Karl Rove ignored a subpoena to appear this morning before a House panel that is investigating allegations that partisan considerations entered into hirings and firings at the Justice Department.
The House Judiciary Committee had invited President Bush’s former political adviser to testify about a broad range of scandals. In response, his attorney sent lawmakers a letter outlining the grounds for his refusal to appear on Capitol Hill.
“As I have indicated to you in each of my letters, Mr. Rove does not assert any personal privileges in response to the subpoena,” Robert Luskin writes in a letter posted on the committee’s website. “However, as a former Senior Advisor to the President of the United States, he remains obligated to assert privileges held by the President … Accordingly, Mr. Rove will respectfully decline to appear before the Subcommittee on July 10 on the grounds that Executive Privilege confers upon him immunity from process in response to a subpoena directed at this subject.”
A few minutes ago, the Associated Press reported that Rep. Linda Sanchez, the California Democrat who chairs the subcommittee, ruled that Rove’s claim was invalid.
It’s amazing to me that the Republicans have seized the perception of being the pro-American party. They love to wrap themselves up in the flag, complain that other people are insufficiently patriotic, and then their leaders will ignore the laws (even the constitution) of the country. It’s like a boss who constantly complains about employee theft, but then embezzles money.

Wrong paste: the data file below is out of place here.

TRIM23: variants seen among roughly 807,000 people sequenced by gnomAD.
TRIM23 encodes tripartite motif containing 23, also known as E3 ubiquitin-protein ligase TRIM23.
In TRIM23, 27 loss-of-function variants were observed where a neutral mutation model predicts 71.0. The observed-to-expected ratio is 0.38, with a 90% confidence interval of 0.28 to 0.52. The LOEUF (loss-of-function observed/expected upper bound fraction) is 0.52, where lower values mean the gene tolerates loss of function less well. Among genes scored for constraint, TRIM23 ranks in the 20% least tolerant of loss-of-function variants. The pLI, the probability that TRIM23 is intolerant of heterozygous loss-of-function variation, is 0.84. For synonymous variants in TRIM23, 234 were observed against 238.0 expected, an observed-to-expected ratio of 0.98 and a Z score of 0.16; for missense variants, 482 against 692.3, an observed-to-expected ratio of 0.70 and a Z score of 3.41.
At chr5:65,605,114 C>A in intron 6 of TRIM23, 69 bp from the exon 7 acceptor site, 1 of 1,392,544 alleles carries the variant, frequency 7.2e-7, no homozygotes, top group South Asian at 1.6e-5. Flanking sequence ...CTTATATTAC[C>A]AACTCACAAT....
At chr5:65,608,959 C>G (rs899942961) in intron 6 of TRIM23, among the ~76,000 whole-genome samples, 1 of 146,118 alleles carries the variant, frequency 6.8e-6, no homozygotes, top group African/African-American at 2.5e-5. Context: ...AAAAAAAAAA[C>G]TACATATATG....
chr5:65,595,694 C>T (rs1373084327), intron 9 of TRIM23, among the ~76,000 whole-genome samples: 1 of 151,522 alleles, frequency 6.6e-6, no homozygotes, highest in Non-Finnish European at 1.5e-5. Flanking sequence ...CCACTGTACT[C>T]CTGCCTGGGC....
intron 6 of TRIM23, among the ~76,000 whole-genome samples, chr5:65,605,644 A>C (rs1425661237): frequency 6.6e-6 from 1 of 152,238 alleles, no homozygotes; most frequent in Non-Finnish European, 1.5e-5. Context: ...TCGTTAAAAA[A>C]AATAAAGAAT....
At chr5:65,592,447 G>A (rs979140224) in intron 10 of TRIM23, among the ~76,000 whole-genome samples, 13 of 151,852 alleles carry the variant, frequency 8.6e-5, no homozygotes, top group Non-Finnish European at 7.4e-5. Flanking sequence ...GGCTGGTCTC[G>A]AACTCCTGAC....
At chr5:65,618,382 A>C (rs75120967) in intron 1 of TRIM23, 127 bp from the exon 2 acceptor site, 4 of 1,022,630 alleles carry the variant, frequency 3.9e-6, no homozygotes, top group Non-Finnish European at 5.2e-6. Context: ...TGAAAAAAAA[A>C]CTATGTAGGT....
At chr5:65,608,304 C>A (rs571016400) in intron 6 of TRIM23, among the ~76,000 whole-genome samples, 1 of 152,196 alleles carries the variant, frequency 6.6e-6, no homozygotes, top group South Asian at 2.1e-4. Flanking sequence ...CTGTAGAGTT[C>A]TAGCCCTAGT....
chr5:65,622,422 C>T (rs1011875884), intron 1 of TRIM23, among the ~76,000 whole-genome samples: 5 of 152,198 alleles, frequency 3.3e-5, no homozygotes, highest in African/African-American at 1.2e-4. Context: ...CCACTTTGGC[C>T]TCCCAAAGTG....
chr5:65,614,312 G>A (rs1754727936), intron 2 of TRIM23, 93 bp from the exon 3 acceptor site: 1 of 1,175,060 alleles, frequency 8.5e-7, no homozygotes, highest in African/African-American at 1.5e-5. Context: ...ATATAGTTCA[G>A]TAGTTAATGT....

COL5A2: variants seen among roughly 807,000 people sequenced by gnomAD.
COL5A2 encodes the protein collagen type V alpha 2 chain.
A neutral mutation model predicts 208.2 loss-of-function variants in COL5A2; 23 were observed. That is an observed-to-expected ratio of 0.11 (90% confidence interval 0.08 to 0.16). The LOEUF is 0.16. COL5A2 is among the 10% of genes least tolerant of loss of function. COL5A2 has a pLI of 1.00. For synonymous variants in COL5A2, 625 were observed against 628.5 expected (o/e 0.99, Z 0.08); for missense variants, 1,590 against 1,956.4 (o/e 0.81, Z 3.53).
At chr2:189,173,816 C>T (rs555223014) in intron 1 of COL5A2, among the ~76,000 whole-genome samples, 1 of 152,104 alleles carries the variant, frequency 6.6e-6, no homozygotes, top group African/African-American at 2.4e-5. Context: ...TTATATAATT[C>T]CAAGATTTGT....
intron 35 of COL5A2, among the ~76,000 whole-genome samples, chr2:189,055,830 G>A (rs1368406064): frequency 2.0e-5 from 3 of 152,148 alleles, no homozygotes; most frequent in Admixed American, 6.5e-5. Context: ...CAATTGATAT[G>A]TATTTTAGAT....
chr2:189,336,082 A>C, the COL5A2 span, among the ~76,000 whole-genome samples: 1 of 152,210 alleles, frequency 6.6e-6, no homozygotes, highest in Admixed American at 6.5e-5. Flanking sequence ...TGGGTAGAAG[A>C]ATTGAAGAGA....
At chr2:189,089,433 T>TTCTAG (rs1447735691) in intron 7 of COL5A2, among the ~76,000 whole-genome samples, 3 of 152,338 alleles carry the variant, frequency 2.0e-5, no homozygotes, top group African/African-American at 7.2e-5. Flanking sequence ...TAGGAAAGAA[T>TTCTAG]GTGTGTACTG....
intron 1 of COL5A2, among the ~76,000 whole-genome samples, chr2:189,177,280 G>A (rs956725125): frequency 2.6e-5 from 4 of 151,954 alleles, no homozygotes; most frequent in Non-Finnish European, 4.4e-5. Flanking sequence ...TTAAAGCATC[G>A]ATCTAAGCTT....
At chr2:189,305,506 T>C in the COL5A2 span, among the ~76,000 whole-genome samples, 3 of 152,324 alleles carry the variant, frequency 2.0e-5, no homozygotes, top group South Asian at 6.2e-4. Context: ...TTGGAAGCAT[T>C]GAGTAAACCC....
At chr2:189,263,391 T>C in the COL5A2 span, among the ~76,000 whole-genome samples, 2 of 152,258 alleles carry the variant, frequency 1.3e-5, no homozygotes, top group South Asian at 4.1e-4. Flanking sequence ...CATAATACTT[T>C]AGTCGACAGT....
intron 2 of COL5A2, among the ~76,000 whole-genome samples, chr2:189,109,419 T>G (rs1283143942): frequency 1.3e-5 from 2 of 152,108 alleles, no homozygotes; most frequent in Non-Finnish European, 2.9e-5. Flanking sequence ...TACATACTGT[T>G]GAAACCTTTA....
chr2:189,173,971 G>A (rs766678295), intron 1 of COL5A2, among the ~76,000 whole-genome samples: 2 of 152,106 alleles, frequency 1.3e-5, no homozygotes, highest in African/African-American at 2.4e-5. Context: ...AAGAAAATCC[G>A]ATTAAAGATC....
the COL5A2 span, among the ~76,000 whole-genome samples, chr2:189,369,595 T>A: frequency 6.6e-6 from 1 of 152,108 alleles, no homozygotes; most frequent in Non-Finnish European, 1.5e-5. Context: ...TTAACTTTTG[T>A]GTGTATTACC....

Even if we ignore the current situation, their actions are setting a bad precedent for future presidents. In 20 or 50 years from now, if a bad president comes to power, he can use the Bush administration’s actions to confer legitimacy to whatever he wants to do. It’s hard not to think that all of these expansions of executive power isn’t degrading this country, and moving it irrevocably away from the checks and balances which were so important to the founding fathers. If the Republicans want to tear up the constitution and tell us that the founding fathers had it all wrong, then let them just come out and say it. Instead, under the guise of protecting the country and wrapped in patriotism, they slowly seize more and more power for themselves.
I remember reading an article a long time ago about a Middle Eastern man who moved to the US during the Nixon administration. In many places around the world, leaders are above the law, so he was amazed that the United States was a country where even the leaders were under the rule of law. It gave him a profound respect for this country. That distinction is dying under the weight of executive privilege, presidential pardons, signing statements, secret laws to allow for illegal wiretapping, suspension of habeas corpus, etc. For thousands of years, mankind has struggled to free itself from the tyranny and whim of its leaders. The United States was largely founded on a rebellion against abusive power of the English monarchy, and it’s constitution reflects that – by carefully limiting government power to prevent abuse. They were familiar with what it was like to be the underdog. Unfortunately, present-leaders have no experience in being the underdog, and insufficient respect for those issues. In the war between the powerful (the rich and the government) and the the weak (the people), today’s leaders see things only from their own position, and seek to expand their power at the expense of the common people. They are slowly working to restore the
monarchy’s president’s power. The Bush administration is a step backwards: an expansion of government power at the expense of the people, and paving the way for future expansion of presidential power.
Speaking of which, here’s a recent video involving John Yoo (who assisted the Attorney General as legal advisor to President Bush and all the executive branch agencies), where he is unable to answer the simple question: what are the limits to executive power? Yoo’s answer seems to be that there are no limits, but he trusts the president to act with sufficient restraint.